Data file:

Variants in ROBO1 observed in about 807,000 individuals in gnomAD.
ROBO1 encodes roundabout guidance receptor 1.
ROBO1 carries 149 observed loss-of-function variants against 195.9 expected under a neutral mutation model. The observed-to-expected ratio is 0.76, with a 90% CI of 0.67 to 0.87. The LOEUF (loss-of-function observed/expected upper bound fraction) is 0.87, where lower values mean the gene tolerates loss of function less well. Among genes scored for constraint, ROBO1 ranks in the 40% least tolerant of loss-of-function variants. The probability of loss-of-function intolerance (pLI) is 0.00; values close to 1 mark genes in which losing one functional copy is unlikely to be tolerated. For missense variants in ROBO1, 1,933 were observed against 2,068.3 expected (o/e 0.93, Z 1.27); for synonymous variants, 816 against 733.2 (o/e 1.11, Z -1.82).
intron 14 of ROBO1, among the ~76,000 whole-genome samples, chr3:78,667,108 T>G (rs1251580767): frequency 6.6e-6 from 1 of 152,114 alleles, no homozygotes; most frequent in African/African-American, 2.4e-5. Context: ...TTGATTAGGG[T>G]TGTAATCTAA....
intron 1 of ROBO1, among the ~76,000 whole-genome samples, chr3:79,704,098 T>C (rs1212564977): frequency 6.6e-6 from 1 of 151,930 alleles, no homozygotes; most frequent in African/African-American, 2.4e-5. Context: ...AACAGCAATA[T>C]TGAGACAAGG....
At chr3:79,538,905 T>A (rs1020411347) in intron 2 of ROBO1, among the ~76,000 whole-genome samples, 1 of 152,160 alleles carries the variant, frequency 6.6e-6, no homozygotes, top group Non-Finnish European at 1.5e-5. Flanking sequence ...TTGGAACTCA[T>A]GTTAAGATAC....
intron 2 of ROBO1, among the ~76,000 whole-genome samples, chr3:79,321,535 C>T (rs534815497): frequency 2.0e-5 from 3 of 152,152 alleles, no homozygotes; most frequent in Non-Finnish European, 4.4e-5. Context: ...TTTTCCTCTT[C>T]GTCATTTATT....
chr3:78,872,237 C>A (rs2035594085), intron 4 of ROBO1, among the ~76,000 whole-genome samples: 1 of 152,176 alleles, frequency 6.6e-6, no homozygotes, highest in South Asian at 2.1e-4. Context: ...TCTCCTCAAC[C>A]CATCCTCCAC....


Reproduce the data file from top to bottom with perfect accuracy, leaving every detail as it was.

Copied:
Variants in ROBO1 observed in about 807,000 individuals in gnomAD.
ROBO1 encodes roundabout guidance receptor 1.
ROBO1 carries 149 observed loss-of-function variants against 195.9 expected under a neutral mutation model. The observed-to-expected ratio is 0.76, with a 90% CI of 0.67 to 0.87. The LOEUF (loss-of-function observed/expected upper bound fraction) is 0.87, where lower values mean the gene tolerates loss of function less well. Among genes scored for constraint, ROBO1 ranks in the 40% least tolerant of loss-of-function variants. The probability of loss-of-function intolerance (pLI) is 0.00; values close to 1 mark genes in which losing one functional copy is unlikely to be tolerated. For missense variants in ROBO1, 1,933 were observed against 2,068.3 expected (o/e 0.93, Z 1.27); for synonymous variants, 816 against 733.2 (o/e 1.11, Z -1.82).
intron 14 of ROBO1, among the ~76,000 whole-genome samples, chr3:78,667,108 T>G (rs1251580767): frequency 6.6e-6 from 1 of 152,114 alleles, no homozygotes; most frequent in African/African-American, 2.4e-5. Context: ...TTGATTAGGG[T>G]TGTAATCTAA....
intron 1 of ROBO1, among the ~76,000 whole-genome samples, chr3:79,704,098 T>C (rs1212564977): frequency 6.6e-6 from 1 of 151,930 alleles, no homozygotes; most frequent in African/African-American, 2.4e-5. Context: ...AACAGCAATA[T>C]TGAGACAAGG....
At chr3:79,538,905 T>A (rs1020411347) in intron 2 of ROBO1, among the ~76,000 whole-genome samples, 1 of 152,160 alleles carries the variant, frequency 6.6e-6, no homozygotes, top group Non-Finnish European at 1.5e-5. Flanking sequence ...TTGGAACTCA[T>A]GTTAAGATAC....
intron 2 of ROBO1, among the ~76,000 whole-genome samples, chr3:79,321,535 C>T (rs534815497): frequency 2.0e-5 from 3 of 152,152 alleles, no homozygotes; most frequent in Non-Finnish European, 4.4e-5. Context: ...TTTTCCTCTT[C>T]GTCATTTATT....
chr3:78,872,237 C>A (rs2035594085), intron 4 of ROBO1, among the ~76,000 whole-genome samples: 1 of 152,176 alleles, frequency 6.6e-6, no homozygotes, highest in South Asian at 2.1e-4. Context: ...TCTCCTCAAC[C>A]CATCCTCCAC....